ON the outcrop in front of Babas Cove—a little place on the fringe of Basilisa—was the tomb of Commander Bata, a “cult leader,” to quote Survic, from Gingoog City, who was gunned down by the police and was killed during the encounter in Surigao City. Babas Cove was the camp, or the venue for the cult’s rituals then. In the cove’s garden, where dwarf coconut trees grow, was the grave of Lake Bababu’s original caretaker, Peter Langit.
But Survic, the late Langit’s son, had a different name in mind, to which he likened their situation.
“Our house is like Marwan’s,” he professed with a mocking twist on his lips. His comparison was timelier—Marwan was hot in the news earlier this year. His statement made me look at the shacks in the rocky enclave. Their house’s walls were made of sulirap—woven langkay, fragile, and too thin to fend off the cold at night, such walls were too thin to protect Marwan himself, who was found dead inside his hut after an intense encounter with the authorities.
In the Langit’s house, bullets of sunlight passed through the holes, highlighting the threadbare clothes hanging everywhere, highlighting the dismal state of the caretakers’ house of the supposed sacred lake.
Survic, the prodigal son who left his family many years ago, sounded cynical, yet proud of their situation. His deceased father was assigned by Ecleo Sr., the Divine Master, as the caretaker of Bababu Lake. He said Ecleo Sr., who frequented the lake, told his father that the water has healing powers. Following the footsteps of their leader, Philippine Benevolent Missionaries Association (PBMA)’s members often visit and take a dip in the water.
Survic was my guide, while Ric, his thin older brother, was guiding Jose and Tristann. Mark decided to stay on the beach, talking with their mother, whose maiden name would amuse any Bisaya speaker: Dementia Manaog, later changed to Dementia Manaog-Langit.
Comfortable in the wilderness, I did not have any problem with the route. Tristann, an urbanite all throughout, lagged behind with Jose and Ric. The family’s two dogs kept running back and forth, tracking Tristann’s and our group. To make himself of some use, Survic ushered me through the plans for the property instead.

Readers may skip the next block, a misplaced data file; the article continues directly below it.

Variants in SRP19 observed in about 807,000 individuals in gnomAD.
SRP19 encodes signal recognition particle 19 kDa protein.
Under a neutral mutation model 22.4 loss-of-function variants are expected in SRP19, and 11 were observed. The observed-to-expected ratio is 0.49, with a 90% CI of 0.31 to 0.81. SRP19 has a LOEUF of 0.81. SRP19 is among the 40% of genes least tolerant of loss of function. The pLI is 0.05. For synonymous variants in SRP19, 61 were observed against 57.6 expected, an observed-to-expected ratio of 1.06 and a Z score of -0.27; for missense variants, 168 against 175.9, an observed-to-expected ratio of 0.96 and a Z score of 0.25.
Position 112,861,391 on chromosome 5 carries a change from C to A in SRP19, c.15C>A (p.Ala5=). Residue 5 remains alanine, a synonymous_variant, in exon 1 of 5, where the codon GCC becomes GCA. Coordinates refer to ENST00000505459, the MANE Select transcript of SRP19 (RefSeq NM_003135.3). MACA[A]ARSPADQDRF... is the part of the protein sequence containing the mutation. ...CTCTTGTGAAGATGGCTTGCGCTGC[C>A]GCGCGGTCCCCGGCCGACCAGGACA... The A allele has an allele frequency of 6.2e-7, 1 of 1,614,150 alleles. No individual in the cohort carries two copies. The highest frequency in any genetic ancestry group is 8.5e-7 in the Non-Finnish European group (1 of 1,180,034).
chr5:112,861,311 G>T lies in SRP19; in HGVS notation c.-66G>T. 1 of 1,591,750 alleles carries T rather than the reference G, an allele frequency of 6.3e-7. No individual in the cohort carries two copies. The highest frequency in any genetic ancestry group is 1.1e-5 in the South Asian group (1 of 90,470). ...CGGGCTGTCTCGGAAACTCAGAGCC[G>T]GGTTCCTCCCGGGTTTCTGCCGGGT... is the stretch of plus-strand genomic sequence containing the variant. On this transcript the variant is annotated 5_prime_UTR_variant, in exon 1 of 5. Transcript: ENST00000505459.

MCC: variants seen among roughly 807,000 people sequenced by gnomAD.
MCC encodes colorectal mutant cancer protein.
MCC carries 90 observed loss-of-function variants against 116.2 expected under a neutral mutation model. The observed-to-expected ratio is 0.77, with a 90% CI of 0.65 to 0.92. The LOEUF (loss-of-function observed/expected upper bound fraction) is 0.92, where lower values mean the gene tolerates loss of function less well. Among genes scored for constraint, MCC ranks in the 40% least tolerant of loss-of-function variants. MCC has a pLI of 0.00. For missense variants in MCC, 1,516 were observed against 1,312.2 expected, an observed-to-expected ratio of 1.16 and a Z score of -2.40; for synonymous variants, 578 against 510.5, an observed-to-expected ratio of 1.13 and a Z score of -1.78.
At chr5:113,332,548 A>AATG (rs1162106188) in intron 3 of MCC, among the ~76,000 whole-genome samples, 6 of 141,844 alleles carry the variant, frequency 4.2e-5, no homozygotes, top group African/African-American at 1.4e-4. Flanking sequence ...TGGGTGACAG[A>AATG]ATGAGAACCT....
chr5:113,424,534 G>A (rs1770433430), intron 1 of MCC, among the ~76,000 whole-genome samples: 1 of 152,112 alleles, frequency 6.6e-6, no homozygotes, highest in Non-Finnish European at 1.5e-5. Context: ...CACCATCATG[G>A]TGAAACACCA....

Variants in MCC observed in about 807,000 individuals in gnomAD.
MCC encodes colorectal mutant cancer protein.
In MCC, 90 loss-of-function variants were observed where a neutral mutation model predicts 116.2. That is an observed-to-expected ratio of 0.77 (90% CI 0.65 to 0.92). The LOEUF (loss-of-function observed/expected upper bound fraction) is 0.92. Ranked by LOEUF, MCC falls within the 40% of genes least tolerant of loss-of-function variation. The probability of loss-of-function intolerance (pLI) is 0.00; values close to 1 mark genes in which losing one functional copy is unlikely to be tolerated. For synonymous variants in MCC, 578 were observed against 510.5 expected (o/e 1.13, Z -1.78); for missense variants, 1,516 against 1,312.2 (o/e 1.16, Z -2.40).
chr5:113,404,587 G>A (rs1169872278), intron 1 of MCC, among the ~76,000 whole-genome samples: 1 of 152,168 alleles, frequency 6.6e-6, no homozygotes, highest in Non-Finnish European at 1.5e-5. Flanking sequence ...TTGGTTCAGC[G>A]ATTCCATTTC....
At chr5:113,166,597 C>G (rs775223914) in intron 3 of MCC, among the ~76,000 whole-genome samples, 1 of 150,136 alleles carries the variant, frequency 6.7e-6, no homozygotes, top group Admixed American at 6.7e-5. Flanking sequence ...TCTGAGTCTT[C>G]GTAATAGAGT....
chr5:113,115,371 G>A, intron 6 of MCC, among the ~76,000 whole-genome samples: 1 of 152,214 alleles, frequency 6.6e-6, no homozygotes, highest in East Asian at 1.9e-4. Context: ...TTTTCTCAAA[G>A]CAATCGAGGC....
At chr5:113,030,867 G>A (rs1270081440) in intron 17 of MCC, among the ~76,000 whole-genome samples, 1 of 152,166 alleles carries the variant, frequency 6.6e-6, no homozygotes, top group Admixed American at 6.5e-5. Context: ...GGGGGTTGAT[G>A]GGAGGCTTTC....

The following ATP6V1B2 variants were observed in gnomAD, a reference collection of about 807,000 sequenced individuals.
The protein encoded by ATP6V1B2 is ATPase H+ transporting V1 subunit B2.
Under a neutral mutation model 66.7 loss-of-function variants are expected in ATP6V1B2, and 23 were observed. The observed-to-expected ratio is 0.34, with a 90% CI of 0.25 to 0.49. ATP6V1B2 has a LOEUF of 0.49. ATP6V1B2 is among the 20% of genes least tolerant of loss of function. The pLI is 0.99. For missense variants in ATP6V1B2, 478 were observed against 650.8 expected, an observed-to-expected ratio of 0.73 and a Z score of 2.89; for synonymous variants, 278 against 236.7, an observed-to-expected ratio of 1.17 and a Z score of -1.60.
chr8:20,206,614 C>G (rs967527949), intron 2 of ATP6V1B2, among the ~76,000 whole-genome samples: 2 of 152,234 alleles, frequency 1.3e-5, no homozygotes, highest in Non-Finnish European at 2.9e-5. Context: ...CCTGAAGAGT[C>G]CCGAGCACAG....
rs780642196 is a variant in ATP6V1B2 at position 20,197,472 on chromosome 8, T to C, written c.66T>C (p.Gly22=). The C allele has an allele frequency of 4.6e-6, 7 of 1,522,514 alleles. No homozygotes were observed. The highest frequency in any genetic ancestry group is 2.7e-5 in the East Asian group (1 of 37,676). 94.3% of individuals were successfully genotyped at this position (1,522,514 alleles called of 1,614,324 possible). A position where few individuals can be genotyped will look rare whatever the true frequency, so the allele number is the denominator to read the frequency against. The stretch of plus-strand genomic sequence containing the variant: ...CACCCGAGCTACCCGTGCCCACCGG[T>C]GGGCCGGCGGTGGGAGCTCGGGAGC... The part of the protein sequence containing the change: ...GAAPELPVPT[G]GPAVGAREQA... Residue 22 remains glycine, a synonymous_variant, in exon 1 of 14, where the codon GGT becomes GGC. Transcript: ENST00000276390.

“Gitan-aw na nis investor.” He touched a leaf, stopped walking, while waiting for me to finish shooting a trabunko—a reject kind of spider, a childhood memento resting on a web.
“Nindot himuon ni nga retirement property,” he added and pointed to his left.
Calculating the vastness of the land was impossible from where we were. All I could see was a path surrounded by silent trees, whose leaves were sometimes ruffled by the passing wind. But Survic was thinking of noises, of tractors flattening some parts of their land, of tall buildings, of fancy beach cottages, of more people visiting Lake Bababu and the beach, of more technical divers exploring the cave that connects Lake Bababu to Surigao Strait. Under a public-private business venture named Bababu Ecotourism Adventure Park, there is a likely possibility for the plans to push through.
“Kon mahitabo na ang imong mga pangagpas, mawa ang beauty sa inyong lugar.” I could not stop myself from saying. But who was I to say, really? Dinagat has a lot of unpeopled beaches claimed by elegantly tall coconut trees, beaches that bear funny names like Otinan in Lalaking Bukid, names that may anger the righteous. Many coasts, except for the one in San Jose, resembled Boracay in the ’80s, a beauty unadulterated by consumerism and mass tourism.
“Mao ba? Ipabilin na lang nga in-ani?” he asked.
In-ani. Like this.
I thought of their houses. I thought of my own poverty. I thought of the langkay tied upside down on the coconut trees surrounding their father’s grave, its tip pointing to a drum to collect the rainwater—his family’s ration of freshwater. I could tell Survic wanted to have a better life for him and his family, a better house, a life that would not depend on the occasional tourists like us dropping by, a life that would not depend on rainwater collected in the drum.
But I also thought of how tourism, once mismanaged, can turn into an ugly beast of unregulated resort buildings, of waste mismanagement, of undisciplined, unethical party lovers.
So I did not really have the answer to his question and just kept on shooting whatever there was to shoot until we saw a swath of waterskin peeking through the branches and trunks, a kind of signal—awkward as it may have been—to stop the talk on progress and better lives.
“Duol na ta,” he said.
The lake was not a long walk from the cove to begin with; it was an easy 30-minute trek for someone who grew up with mountains and trees.
I noticed though, after my two cents on the proposed project in Lake Bababu, Survic’s enthusiasm lessened. Perhaps he did not see my opinion coming, perhaps he found it ironic: I who supposedly promoted the beauty and attractions of the places I had visited, detested the idea of development. And by attraction, what he had in mind, perhaps, was the generic, homogeneous comfort and convenience every tourist deserves and must get. He must be baffled. He must find me baffling.
We reached the lake wrapped in our individual, personal, almost indifferent, silence. He sat on the protruding rock. I stood by the log lying slantingly in the water. I instantly admired the white granite wall—a landmark I recognized in photos. Not even a minute passed, I saw a group of six big mamsa gliding by the lake’s edges. It was odd, surreal to see ocean fish in a lake. I did not have the same emotion when I swam with the saltwater fish in Hinatuan River, one of the first places I visited on my first solo backpacking trip to Mindanao two years ago.
That single moment broke the awkward silence between me and Survic.
“Hala, swerte ka, tagsa ra na sila magpakita.” There was excitement in his voice. When the other group arrived, he shared the news to his older brother.